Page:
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According to Hoyle...

Software Development Jobs in a Down Economy

[ Part I | Part II | Part III ]

May 2009

by Jonathan Hoyle



The unemployment rate has nearly doubled in the past year and a half, jumping by nearly 20% in just the time I began this series of columns.

When Part I of this series was published, the United States Bureau of Labor Statistics announced the January 2009 jobless rate as 7.6% (up from 7.2% the month before).

With the publication of Part II, the February data became available, jumping that figure to 8.1%.  As I write Part III (this column), I have the March figures before me, showing unemployment now at 8.5%, the highest in over a quarter century.  According to BLS, the last upward spike in the unemployment that reached 8.5% was in December 1981.  That spike continued for another year, reaching a peak of 10.8% before it finally reversed course.  More soberly, this current spike has twice the angle of trajectory as the 1981 spike (that is to say, it is taking only half as long to go from 7.6% to 8.5% now as it did then).

Pretty depressing sounding.

Then why is it that I am receiving more calls from job recruiters than in recent memory?

Part of it is that an overall figure of 8.5% can be rather deceptive.  The U.S. job market is not a homogeneous environment.  The biggest differential is job type: Farming & Construction is seeing a whopping 12-15% jobless rate, whereas management and professional occupations are seeing only 2-3% unemployment.  Also, location makes a big difference.  The overall rate is below 5% in places like Wyoming, Nebraska and North & South Dakotas, but exceeds 12% in Oregon and Michigan.  And if you are really good at what you do, you will always be more in demand than others in your field, irrespective of the jobless rate.

But in my case, it's mostly because I am a Macintosh (as opposed to Windows or Linux) software developer that I am getting these calls.  But more about that in a moment.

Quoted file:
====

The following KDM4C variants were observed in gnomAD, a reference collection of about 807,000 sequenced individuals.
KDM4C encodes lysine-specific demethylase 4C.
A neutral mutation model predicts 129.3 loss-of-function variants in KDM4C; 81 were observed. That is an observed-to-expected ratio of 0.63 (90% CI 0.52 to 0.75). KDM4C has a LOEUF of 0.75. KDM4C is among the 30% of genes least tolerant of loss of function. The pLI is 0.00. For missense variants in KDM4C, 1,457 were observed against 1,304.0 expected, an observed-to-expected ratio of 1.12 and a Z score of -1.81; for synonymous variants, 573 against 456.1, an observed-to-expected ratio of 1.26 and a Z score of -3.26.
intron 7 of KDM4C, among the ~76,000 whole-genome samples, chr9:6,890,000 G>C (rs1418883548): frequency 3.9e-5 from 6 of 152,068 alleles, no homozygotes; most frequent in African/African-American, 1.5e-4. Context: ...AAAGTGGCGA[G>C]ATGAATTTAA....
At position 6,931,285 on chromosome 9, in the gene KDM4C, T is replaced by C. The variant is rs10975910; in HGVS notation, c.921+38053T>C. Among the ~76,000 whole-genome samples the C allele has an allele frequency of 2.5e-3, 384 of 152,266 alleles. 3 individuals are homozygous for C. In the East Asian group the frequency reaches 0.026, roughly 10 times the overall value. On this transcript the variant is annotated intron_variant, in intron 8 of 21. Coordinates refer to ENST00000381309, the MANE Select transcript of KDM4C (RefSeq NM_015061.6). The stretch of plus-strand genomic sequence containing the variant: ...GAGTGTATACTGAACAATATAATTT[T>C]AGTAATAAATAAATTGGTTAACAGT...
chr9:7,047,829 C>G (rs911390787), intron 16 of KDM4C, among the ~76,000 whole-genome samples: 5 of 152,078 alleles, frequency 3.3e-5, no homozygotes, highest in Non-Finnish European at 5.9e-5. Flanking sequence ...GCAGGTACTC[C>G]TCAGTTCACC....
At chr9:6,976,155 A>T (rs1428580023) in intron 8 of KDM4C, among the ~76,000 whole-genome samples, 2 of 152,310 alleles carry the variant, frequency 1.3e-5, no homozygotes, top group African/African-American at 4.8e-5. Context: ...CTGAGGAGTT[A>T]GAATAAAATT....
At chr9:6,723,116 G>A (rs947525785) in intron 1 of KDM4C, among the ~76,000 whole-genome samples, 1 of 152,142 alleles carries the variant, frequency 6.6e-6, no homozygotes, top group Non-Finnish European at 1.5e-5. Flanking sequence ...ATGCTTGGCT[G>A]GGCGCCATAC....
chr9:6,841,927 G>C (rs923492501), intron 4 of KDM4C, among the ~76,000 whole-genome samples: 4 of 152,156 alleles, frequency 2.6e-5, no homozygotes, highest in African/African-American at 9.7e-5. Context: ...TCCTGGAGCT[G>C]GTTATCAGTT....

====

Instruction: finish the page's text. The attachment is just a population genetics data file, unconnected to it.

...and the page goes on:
Are You in a Recession?

Forget about the country as a whole for the moment.  The question can be asked: Are you *yourself* in a recession?

What does it mean for an individual to be in a recession?  Essentially this: If disaster struck and you lost your job, would you be able to find a comparable job in a reasonably short period of time?

If willing to relocate, software developers, QA and other engineering support would likely do better than others in this current economic climate.  However, most employers find little reason to offer top salaries, considering the increasingly larger pool of talent that becoming available by layoffs.  Supply & Demand is at work (as always), and as the supply of potential engineers grows, the price you have to pay them goes down.  This also discourages good talent who are considering other opportunities.  Since many unemployed people would be happy to take any reasonable salary, employers see bargains everywhere.  If you don't wish to be a bargain, then you're likely to hang out where you are until things turnaround.

However, Apple developers and QA people (who are willing to relocate) can find work tomorrow.  Why is that?

The Mac Factor

I led off this column with depressing statistics, and even if the software industry is less impacted, it is still pretty rough.  And recessions have a habit of spiralling downward.  Once one business experiences trouble, it cuts back on discretionary spending, causing a decrease in business with its clients, which in turn perpetuates the cycle, radiating the cutbacks outward.  And companies experiencing financial difficulties are not in the best position to hire.